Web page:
Accident or Design?

Or, the ancient fossil creature that grew!

When it was decided to build a new museum at Whitby for the better housing of its varied treasures, the question of displaying to the best advantage the seven fossil Saurians, scattered here and there in the old museum, was one of the main problems; for the main feature of Whitby Museum is its collection of Lias Fossils, gathered and arranged with such great skill by Martin Simpson.

The largest of the Saurians, Ichthyosaurus crassimanus, was measured by the architects of the new building, and the walls were made large enough to take it; in fact the size of the new building was determined by the length {25 feet or 7.6m)of this reptile.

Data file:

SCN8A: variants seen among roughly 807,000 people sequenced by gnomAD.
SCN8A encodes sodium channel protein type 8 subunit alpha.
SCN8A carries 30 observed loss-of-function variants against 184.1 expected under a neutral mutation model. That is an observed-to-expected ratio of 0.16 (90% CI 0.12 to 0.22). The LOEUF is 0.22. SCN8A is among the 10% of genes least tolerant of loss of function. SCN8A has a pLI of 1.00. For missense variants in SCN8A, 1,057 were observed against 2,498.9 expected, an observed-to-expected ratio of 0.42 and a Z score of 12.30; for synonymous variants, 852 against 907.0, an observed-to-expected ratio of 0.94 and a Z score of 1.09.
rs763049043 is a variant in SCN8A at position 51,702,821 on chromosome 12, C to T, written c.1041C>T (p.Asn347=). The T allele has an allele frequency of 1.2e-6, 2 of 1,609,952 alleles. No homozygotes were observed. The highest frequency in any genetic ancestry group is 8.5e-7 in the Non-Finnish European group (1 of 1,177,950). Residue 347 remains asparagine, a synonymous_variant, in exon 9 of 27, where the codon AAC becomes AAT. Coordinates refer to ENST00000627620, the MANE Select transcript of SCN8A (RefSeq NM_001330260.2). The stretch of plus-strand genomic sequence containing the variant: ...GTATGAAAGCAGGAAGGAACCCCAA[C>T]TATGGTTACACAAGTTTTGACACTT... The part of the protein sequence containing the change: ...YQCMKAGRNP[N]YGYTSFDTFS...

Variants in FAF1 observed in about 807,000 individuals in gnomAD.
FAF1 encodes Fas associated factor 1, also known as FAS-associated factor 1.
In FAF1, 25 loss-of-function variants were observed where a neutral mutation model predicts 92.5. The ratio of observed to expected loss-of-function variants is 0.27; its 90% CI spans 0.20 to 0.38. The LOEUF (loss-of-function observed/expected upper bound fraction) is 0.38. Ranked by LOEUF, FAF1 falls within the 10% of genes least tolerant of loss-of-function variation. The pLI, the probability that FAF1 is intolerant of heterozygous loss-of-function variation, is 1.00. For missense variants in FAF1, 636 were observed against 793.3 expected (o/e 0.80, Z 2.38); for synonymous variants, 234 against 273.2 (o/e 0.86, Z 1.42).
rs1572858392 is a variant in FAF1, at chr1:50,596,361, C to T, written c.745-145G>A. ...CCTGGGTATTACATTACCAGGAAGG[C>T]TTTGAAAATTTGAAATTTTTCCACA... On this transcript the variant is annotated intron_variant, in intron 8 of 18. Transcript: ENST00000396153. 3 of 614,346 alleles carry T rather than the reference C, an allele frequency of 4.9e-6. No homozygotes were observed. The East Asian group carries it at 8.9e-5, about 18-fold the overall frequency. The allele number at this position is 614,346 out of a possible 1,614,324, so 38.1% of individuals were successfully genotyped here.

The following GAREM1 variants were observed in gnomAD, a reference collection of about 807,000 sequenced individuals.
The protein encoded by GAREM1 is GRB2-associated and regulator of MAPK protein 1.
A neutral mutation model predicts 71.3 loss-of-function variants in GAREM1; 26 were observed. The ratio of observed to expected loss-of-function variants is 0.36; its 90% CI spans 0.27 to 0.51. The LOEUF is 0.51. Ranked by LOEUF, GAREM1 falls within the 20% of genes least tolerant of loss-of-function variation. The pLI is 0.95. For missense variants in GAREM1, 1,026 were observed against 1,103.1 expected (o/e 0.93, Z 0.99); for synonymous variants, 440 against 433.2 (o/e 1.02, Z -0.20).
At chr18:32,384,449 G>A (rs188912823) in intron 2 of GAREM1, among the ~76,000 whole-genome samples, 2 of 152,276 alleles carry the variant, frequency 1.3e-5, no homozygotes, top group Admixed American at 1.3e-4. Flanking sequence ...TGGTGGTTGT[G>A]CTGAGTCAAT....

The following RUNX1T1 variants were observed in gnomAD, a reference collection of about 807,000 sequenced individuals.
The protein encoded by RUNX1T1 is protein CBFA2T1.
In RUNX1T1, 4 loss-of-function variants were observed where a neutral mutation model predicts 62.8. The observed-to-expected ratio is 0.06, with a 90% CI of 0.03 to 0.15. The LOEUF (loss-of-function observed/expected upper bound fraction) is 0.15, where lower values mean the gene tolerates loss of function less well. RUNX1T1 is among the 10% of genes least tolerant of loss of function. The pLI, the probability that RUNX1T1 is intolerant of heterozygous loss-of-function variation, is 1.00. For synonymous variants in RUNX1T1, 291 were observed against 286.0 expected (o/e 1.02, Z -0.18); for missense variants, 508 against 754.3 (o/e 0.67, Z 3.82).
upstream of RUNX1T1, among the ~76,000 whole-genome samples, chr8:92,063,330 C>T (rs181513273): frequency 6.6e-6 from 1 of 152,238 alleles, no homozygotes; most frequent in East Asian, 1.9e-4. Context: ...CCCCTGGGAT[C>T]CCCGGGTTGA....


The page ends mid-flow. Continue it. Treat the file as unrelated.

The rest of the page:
He was too big to go through the windows of the old place, so he was cut into four; but when ready for fixing up in the new place, it was found he was longer than the wall. Either he had stretched a foot or so; or the wall had shrunk on drying; or the tape measure used in taking his measurement had shrunk in washing.

I forgot to say that before any of the Saurians were removed from the old walls where they had hung for nearly a hundred years, paper patterns of their full size were made of them all. So, when the paper pattern of crassimanus was stretched across the wall where he was to go, it was found to be too long. Then arose the question: should a foot or so be cut off the end of his tail, or should he be placed diagonally instead of horizontally. The wise philosophers decided on the latter course; and now everyone who sees the beast says how well he looks, and how much more alive than if he had been dead level.

This fossil had been found during jet mining below Hawsker cliffs, and was purchased for the museum for £105.

More on fossils and other geology.